In the News
June 13, 2019
Serving a preliminary notice to owner is a prerequisite to filing a lien claim, and typically, this notice gets sent via certified mail to various parties in the construction chain (lenders, owners, contractors and subcontractors). “The notice was created as an identification process for the proactive protection of property owners,” according to NACM’s Secured Transaction Services (STS) Glossary.
And when a preliminary notice to owner is served but comes back as undeliverable, should the notice be served again?
During NACM’s 123rd annual Credit Congress in Colorado, the question arose during the STS annual session, “Executive Exchange: Building and Construction.” The session, moderated by Chris Ring of NACM’s STS, presented construction credit questions, which were then discussed by construction credit professionals and fueled by audience engagement and interaction. The panel featured Steven Hopkins, CCE, CCRA, of Stoneway Electric Supply Co.; Ricky Garcia of The Miner Corporation; and Mark Grushkin, Esq., of Senn Visciano Cagnes P.C.
The correct actions to take when a preliminary notice comes back undeliverable, like all construction credit snafus, depends on the state. From a credit manager’s perspective, Hopkins approached the situation broadly but reminded creditors about statutory laws.
Hopkins said the first thing to figure out when the notice comes back is how it bounced back. Did the recipient refuse the notice, was the address on the envelope incorrect or was there another issue? Once the creditor determines that piece of information, the creditor can move forward with two options.
“If it comes back because they refuse to sign it, what you can do is just never open the envelope and say, if it ever comes down, that you tried to deliver it and they refused it,” Hopkins said. “Your best bet is to try and serve the notice the best way you can, but it’s always your best bet to serve it again.”
From a legal standpoint, Grushkin approached the question as a lawyer from Colorado. In his state, serving a preliminary notice is a two-step process. When serving, creditors need to be aware of whether their states fall under this criterium.
“The notice has to be sent, it doesn’t have to be received, assuming the information and identity is correct,” Grushkin said. “As long as you are sending it to the entity that is the fee owner as of that date, then the act is satisfied by sending it out certified mail, and receiving it is not required for protecting the lien in Colorado.”
NACM offers two options for preliminary notice to owner services: pre-liens prepared and served by NACM staff, and pre-liens prepared and serviced by the MLBS National Attorney Network. Using these services frees up time for collection calls and erases the worry of errors in preliminary notices.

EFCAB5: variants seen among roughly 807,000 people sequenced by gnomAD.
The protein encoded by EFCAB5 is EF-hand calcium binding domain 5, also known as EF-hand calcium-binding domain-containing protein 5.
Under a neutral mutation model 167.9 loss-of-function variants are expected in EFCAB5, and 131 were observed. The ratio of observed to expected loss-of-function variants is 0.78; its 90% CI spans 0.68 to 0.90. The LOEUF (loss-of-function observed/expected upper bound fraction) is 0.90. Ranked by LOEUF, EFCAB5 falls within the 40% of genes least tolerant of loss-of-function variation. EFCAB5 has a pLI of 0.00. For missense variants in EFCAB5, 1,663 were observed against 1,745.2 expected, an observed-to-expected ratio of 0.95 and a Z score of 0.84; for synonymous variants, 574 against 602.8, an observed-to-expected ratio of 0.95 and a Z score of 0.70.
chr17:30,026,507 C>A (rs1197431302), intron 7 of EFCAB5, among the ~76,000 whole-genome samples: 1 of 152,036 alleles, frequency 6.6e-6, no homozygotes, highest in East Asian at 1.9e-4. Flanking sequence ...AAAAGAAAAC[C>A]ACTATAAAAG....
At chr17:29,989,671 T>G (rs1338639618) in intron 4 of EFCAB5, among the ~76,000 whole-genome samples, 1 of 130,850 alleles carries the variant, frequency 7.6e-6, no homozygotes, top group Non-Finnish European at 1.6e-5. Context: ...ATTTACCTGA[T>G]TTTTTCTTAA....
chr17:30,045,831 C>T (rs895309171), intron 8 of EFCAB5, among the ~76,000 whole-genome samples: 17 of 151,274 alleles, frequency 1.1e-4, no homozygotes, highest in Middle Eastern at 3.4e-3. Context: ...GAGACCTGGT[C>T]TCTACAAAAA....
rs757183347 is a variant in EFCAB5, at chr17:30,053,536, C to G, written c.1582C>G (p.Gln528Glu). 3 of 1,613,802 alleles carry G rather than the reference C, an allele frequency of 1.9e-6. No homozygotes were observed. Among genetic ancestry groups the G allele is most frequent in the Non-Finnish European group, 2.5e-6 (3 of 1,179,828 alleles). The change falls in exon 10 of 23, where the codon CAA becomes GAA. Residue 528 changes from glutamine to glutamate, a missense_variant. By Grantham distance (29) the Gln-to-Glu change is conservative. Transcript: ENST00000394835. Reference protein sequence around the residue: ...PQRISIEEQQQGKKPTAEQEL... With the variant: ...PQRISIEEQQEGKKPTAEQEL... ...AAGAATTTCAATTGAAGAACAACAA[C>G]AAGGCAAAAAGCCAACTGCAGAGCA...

—Christie Citranglo, editorial associate
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Australia is continuing the process of cutting down government payment time to small businesses. Like several countries, including the U.S. and U.K., Australia is fighting a battle to pay its suppliers on time and within the allotted timeframe. New South Wales is currently in the middle of leading the charge to pay small businesses faster.
"We should be a model debtor," said Damien Tudehope, NSW small business minister, in an article with the Sydney Morning Herald (SMH). NSW is the first state to commit to paying suppliers within one week; however, others have also implemented prompt payment practices. Through the end of the year, NSW government agencies must pay invoices within 20 calendar days. Starting January 1, 2020, invoices must be paid within five business days of receiving a “correctly rendered invoice.” However, only 80% of eligible supplier invoices from registered small businesses need to be paid within the previously stated timetable.
“Big businesses [have been] using small businesses as banks—by the way, governments weren’t perfect either," Australian Small Business and Family Enterprise Ombudsman Kate Carnell said in the SMH article.
Instant credit card payments are being used for invoices up to AU$10,000, while payments between $10,000 and $1 million will fall into the 20-day, soon-to-be five-day, category. The new policy “contains ambitious targets, well ahead of contemporary business-to-business practices in Australia. Eligible small businesses can benefit from this policy by adopting electronic invoicing practices,” the NSW Small Business Commissioner Faster Payment Terms Policy states.
Small businesses do not have to register under the policy, however, and agencies are not required to pay all small businesses under the policy timeframe if invoicing requirements are not met. “Small businesses which elect not to register, or continue to submit paper-based invoices, will be processed in accordance with an agency’s general supplier payment policy,” according to the NSW Small Business Commissioner.
In the most recent FCIB International Credit and Collections Survey for Australia in April 2019, nearly a quarter of respondents said payment delays are increasing, while the same number reported they had no payment delays. Much of the delays are due to cultural norms and customs, but some stem from customer payment policies. Three-fourths of respondents grant payment terms within 60 days. The average days beyond terms was 19 days, up roughly a week-and-a-half from the prior the Australia survey in June 2018.
—Michael Miller, managing editor
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NACM's fall conferences are a wonderful opportunity for members to network and share news, information and tips with fellow credit professionals from their respective geographic regions.
Central Credit Conference
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As labor shortages and tariff concerns persist, construction professionals are scrambling for new ways to stay on top of the industry’s bustling business, and technology is lending a helping hand. Although the sector has been comparatively slow to adopt technology in years past, contractors, in particular, are pushing for technology to maintain and even increase productivity, while holding onto skilled workers.